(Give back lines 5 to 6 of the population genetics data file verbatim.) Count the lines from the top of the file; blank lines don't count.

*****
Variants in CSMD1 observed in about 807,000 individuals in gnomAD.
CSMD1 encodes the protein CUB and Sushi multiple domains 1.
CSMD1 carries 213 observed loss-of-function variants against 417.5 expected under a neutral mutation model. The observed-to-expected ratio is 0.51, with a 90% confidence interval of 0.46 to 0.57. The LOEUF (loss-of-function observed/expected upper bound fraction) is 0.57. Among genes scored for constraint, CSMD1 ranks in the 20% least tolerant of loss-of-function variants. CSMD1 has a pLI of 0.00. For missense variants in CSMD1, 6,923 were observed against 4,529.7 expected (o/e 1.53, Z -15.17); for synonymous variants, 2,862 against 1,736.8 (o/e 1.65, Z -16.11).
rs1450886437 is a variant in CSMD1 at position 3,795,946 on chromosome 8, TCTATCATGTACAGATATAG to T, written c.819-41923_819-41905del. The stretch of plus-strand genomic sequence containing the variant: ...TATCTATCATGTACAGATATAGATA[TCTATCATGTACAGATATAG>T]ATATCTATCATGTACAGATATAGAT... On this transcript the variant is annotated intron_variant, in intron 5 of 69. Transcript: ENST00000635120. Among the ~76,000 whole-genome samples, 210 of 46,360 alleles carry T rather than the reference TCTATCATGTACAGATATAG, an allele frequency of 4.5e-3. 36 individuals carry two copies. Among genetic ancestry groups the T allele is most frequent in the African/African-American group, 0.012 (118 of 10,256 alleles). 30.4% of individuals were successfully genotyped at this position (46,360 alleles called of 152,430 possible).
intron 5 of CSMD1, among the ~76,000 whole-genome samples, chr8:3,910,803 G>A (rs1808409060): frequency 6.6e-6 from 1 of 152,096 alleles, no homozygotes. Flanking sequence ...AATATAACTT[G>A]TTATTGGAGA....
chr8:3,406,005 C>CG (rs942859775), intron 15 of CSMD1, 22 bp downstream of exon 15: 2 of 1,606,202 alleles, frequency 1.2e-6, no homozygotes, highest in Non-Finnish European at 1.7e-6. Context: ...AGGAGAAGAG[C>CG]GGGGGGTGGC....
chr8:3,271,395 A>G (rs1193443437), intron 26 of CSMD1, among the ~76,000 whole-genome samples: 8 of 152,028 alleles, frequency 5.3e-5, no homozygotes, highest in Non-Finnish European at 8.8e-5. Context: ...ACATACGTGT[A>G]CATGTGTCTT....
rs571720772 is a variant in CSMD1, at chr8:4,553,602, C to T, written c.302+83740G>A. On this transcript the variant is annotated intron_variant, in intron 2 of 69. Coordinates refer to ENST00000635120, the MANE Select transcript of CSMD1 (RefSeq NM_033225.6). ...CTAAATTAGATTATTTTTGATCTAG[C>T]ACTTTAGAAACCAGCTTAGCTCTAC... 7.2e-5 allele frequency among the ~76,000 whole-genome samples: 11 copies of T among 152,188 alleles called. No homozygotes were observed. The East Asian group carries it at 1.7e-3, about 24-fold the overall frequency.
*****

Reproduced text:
intron 5 of CSMD1, among the ~76,000 whole-genome samples, chr8:3,910,803 G>A (rs1808409060): frequency 6.6e-6 from 1 of 152,096 alleles, no homozygotes. Flanking sequence ...AATATAACTT[G>A]TTATTGGAGA....
chr8:3,406,005 C>CG (rs942859775), intron 15 of CSMD1, 22 bp downstream of exon 15: 2 of 1,606,202 alleles, frequency 1.2e-6, no homozygotes, highest in Non-Finnish European at 1.7e-6. Context: ...AGGAGAAGAG[C>CG]GGGGGGTGGC....